Subsiding soils, rising costs

The PBL study Subsiding soils, rising costs provides a clear-cut overview of the impact of peatland subsidence and possible measures for both rural and urban areas. A directed policy adopted now may avoid rising costs for the public administration and the individual citizen in the future.

In urban areas, the weak surface subsides under a physical load; in rural areas, subsidence of peatland is mainly caused by lowered water tables.

Cost for society of peatland subsidence

In the Netherlands, the cost for society of subsidence occurring in peatlands amounts to billions of euros. Up to 2050, the cost of repairing damage to the infrastructure and frequent maintenance may be as high as 5.2 billion euros.

In rural areas this too involves extra costs related to restoration of infrastructure and homes with poor foundations. In addition, lowering the water table leads to CO2 emissions and the deterioration of nature where areas run dry. PBL reports that over a 40-year period, subsidence in peatland pastures carries a water management cost of around 200 million euros.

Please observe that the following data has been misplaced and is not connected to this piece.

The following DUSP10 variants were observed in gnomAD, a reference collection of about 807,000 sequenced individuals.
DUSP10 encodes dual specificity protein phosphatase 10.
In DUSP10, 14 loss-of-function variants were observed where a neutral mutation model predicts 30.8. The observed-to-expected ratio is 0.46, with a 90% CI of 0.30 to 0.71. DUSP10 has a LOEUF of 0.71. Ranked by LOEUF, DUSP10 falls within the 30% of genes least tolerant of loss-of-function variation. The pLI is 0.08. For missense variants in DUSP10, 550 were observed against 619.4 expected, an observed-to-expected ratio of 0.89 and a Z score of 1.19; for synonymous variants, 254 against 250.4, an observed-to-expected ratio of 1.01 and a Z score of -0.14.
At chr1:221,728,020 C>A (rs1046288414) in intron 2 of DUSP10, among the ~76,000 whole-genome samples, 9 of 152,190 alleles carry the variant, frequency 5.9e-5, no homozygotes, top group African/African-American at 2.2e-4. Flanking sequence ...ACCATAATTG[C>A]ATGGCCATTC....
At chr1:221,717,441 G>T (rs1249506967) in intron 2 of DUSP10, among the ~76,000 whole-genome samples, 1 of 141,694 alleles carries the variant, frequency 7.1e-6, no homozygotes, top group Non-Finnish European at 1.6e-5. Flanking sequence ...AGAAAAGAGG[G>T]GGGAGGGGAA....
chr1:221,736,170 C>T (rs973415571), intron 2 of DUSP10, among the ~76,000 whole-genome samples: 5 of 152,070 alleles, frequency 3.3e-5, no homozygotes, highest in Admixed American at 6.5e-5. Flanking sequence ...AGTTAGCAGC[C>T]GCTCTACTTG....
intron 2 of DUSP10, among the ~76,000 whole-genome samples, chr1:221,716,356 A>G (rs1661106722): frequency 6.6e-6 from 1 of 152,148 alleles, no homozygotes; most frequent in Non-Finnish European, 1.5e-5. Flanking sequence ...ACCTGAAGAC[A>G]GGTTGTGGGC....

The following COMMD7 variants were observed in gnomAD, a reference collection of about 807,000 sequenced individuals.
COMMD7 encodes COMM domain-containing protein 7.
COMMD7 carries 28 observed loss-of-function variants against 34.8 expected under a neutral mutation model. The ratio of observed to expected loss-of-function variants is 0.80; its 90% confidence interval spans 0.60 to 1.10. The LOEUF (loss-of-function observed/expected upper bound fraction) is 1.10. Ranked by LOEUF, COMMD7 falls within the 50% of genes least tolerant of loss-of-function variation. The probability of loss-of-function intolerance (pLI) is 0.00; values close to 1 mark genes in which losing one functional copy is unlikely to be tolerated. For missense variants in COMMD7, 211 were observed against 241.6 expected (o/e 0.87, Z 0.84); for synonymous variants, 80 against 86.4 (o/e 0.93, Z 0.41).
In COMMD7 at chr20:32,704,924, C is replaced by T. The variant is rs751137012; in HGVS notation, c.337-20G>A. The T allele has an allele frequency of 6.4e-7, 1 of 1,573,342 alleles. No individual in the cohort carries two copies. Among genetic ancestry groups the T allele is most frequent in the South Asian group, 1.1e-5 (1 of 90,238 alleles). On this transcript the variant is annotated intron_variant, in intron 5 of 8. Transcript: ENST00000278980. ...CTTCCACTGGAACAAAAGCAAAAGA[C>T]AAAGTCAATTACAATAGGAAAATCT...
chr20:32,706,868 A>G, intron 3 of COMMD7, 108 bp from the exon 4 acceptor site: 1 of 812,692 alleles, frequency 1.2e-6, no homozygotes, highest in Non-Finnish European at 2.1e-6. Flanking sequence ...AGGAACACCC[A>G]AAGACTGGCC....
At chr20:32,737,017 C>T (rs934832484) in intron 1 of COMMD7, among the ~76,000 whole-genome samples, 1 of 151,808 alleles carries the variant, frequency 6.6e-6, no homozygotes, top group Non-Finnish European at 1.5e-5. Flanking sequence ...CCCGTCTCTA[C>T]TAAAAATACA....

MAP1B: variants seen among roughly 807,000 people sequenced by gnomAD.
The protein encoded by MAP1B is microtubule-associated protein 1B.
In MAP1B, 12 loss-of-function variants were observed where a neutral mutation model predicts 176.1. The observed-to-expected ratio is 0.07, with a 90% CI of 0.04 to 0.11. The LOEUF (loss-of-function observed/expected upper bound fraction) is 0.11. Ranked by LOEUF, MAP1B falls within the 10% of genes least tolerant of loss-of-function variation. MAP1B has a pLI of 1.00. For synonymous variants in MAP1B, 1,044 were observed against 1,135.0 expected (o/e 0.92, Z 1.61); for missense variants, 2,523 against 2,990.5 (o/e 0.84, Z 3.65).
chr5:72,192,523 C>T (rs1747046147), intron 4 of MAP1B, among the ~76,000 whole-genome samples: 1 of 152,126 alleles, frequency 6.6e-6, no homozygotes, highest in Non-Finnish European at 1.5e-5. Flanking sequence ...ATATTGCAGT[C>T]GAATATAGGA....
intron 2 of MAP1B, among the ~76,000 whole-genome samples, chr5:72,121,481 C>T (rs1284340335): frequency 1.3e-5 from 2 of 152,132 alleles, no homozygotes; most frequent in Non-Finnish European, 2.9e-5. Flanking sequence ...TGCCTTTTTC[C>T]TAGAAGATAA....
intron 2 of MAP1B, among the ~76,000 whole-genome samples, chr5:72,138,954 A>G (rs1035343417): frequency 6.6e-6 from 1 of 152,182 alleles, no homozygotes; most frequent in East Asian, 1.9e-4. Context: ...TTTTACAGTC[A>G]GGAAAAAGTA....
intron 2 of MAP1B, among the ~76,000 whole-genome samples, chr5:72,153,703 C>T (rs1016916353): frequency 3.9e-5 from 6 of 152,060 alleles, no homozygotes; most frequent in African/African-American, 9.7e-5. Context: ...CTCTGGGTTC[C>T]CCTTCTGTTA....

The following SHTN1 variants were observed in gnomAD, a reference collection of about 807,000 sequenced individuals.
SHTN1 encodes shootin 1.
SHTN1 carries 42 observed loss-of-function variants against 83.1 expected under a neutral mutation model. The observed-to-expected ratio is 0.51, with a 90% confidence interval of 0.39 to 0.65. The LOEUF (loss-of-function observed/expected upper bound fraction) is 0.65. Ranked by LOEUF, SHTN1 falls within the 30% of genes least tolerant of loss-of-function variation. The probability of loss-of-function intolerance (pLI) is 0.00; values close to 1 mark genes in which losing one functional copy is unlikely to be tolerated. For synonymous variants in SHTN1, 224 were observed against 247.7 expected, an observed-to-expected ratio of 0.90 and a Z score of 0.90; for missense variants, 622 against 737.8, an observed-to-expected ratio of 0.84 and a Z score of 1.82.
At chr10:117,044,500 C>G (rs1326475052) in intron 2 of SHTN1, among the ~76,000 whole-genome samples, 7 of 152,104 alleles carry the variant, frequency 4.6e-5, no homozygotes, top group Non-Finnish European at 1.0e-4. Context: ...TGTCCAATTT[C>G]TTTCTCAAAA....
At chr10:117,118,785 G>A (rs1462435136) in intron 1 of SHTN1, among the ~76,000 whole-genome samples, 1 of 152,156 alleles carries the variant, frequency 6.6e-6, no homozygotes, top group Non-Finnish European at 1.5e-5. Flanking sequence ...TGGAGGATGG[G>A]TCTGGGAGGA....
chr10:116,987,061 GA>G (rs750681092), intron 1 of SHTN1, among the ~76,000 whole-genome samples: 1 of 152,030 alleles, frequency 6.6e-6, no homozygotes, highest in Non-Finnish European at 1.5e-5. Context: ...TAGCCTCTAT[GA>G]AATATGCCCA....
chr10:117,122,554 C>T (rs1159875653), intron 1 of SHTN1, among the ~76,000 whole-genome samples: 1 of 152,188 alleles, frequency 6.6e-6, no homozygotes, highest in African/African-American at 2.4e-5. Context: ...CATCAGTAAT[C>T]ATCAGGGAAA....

The decentral authorities need to act now

To ensure the cost of land subsidence remains manageable in the long term (2050), this study asserts that investment is required in research and innovative measures in the fields of spatial planning, road construction, housing developments and water management.

In areas where peatland subsidence occurs, the provinces, water boards and municipalities play an important role in tackling the problem in close cooperation with other parties in order to make these areas future proof.


G.J. van den Born, F. Kragt, D. Henkens, B. Rijken, B. van Bemmel en S. van der Sluis


Publication title
Subsiding soils, rising costs
Publication date
24 November 2016
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